He added, "Much remains to be done. We still have little insight into how dating apps influence the bodily perceptions of trans and gender-nonconforming folks."

Thirteen participants from several cities in the Greater Toronto Area, as well as surrounding municipalities, took part in the study, called "The influence of Grindr, a geosocial networking application, on body image in gay, bisexual and other men who have sex with men: An exploratory study."
-end-
The study appears in Body Image, and is authored by Eric Filice, Amanda Raffoul, Samantha Meyer and Elena Neiterman, all from the University of Waterloo.

University of Waterloo

Related Body Image Articles:

Gardening helps to grow positive body image
New research has found that allotment gardening promotes positive body image, which measures someone's appreciation of their own body and its functions, and an acceptance of bodily imperfections.
Whole body ownership is not just the sum of each part of the body
Differences between whole body and body part ownership were clarified using scrambled body stimulation in a virtual environment, wherein the observer's hands and feet were presented in randomized spatial arrangements.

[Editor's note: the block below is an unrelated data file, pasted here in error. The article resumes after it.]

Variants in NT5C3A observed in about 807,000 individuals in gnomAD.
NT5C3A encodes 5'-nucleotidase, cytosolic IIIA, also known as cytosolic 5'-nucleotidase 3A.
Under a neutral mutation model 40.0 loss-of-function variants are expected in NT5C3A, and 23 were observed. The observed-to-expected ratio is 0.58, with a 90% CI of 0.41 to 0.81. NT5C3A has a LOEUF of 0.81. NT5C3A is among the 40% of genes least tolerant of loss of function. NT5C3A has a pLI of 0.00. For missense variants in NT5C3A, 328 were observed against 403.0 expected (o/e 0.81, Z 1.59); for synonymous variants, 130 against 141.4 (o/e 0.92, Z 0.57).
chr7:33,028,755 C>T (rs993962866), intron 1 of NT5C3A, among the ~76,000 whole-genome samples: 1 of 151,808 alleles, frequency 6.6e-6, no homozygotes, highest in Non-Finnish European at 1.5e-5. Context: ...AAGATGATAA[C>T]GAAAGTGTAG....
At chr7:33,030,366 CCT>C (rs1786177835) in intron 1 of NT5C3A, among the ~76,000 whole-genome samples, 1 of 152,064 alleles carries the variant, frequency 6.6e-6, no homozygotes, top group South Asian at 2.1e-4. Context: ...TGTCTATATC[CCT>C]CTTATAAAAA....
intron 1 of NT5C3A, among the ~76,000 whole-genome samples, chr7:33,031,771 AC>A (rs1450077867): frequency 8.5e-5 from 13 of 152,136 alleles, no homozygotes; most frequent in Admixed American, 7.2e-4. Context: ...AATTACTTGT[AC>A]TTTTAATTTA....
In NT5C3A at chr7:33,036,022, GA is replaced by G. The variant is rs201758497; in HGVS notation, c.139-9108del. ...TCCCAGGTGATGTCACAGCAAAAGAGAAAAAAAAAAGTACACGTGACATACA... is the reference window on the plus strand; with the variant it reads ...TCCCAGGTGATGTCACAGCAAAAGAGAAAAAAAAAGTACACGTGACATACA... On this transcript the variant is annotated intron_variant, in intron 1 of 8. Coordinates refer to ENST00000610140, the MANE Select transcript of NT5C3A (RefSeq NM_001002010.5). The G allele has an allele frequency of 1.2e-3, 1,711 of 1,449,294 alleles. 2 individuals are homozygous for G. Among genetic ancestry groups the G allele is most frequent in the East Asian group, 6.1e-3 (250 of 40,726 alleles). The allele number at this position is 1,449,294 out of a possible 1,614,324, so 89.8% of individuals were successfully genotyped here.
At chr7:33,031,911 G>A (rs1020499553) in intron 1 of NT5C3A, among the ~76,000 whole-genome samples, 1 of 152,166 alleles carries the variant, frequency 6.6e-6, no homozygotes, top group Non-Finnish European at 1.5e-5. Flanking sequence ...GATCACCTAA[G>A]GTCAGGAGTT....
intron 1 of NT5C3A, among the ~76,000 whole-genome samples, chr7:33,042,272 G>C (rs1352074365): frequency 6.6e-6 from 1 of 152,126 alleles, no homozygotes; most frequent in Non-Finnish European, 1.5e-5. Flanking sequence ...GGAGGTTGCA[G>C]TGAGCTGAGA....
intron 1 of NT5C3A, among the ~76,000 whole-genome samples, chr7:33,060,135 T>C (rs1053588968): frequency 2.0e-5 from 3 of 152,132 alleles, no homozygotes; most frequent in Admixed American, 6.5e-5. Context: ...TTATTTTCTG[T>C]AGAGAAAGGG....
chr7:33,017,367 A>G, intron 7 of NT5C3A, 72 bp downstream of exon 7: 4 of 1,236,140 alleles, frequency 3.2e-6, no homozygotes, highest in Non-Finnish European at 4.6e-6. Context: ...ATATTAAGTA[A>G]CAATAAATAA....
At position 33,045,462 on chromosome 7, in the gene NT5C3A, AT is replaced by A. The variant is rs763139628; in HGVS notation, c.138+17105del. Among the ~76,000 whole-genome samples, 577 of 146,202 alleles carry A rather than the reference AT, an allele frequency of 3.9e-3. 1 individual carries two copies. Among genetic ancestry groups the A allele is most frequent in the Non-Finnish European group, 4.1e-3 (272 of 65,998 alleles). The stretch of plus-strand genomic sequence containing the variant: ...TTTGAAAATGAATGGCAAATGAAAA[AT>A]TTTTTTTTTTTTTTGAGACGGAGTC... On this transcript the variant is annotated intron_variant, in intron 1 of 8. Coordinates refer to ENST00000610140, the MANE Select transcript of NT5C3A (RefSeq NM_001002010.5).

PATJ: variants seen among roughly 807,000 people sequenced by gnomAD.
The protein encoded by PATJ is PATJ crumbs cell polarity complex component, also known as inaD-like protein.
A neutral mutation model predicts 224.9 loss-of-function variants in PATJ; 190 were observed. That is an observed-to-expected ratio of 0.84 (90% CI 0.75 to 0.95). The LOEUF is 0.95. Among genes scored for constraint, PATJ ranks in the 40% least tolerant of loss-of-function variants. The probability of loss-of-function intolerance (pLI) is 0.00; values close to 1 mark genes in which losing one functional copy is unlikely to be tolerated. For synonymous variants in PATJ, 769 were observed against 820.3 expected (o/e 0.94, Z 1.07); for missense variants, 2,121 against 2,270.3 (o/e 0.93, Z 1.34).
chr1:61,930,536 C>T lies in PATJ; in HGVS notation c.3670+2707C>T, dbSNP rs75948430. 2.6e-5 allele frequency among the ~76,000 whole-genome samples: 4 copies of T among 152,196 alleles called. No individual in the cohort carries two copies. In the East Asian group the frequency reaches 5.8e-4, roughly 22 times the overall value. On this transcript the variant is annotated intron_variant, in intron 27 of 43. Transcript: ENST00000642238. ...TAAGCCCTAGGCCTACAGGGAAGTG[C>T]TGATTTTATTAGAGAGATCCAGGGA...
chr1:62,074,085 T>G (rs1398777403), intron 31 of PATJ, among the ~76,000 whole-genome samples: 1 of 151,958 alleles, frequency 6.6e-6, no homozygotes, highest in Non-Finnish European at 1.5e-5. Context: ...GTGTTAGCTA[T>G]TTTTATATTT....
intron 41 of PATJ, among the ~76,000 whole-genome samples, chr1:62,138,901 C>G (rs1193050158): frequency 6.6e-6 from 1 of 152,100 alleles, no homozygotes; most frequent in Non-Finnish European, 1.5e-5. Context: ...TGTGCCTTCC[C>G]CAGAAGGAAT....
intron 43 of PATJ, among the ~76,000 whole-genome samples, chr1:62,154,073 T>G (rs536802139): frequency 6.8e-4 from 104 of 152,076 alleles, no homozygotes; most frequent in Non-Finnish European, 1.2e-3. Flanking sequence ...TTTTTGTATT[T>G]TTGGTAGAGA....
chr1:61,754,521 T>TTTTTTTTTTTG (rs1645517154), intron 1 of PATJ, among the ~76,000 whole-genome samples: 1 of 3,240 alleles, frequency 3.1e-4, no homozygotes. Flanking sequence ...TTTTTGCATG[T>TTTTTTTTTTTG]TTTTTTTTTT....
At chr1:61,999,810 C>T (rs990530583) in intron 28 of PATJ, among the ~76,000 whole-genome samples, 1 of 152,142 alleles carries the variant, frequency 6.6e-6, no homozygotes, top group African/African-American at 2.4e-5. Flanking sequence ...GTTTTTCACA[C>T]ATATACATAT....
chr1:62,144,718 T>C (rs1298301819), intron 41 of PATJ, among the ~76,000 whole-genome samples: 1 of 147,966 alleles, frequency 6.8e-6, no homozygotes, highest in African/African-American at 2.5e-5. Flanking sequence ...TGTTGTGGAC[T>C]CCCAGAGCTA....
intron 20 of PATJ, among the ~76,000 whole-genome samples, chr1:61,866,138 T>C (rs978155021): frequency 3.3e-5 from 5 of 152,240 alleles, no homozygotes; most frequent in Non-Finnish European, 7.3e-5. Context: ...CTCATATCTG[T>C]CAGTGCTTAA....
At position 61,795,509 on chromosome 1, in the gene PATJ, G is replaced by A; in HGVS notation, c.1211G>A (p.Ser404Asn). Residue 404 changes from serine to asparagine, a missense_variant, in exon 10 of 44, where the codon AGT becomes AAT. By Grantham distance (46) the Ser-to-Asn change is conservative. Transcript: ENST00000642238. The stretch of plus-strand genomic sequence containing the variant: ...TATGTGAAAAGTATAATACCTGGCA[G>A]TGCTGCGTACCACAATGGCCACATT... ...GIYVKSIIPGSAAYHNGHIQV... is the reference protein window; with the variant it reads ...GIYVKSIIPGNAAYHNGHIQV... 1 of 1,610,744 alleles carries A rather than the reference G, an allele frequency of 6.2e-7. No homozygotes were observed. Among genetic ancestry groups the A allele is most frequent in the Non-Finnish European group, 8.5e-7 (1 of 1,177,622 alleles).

Disclaimers on retouched photos don't solve problem of negative body image
Labels that warn an image has been altered or enhanced do nothing to mitigate women's negative perceptions of their appearance, according to a study published in Body Image this week.
Whether a fashion model or not, some body image concerns are universal
When researchers from UCLA and the Laureate Institute for Brain Research in Tulsa, Oklahoma, wanted to test an app they created to measure body image perception, they went to the body image experts -- fashion models.
Short-term study suggests vegan diet can boost gut microbes related to body weight, body composition and blood sugar control
New research presented at this year's Annual Meeting of the European Association for the Study of Diabetes (EASD) in Barcelona, Spain (Sept.
As light as a lemon: How the right smell can help with a negative body image
The scent of a lemon could help people feel better about their body image, new findings from University of Sussex research has revealed.
Motherhood can deliver body image boost -- new study
New research indicates that perfectionism is related to breast size dissatisfaction, but only in non-mothers -- suggesting that mothers are more comfortable with their bodies.
Thoughts on body image in pregnancy important indicator of emotional wellbeing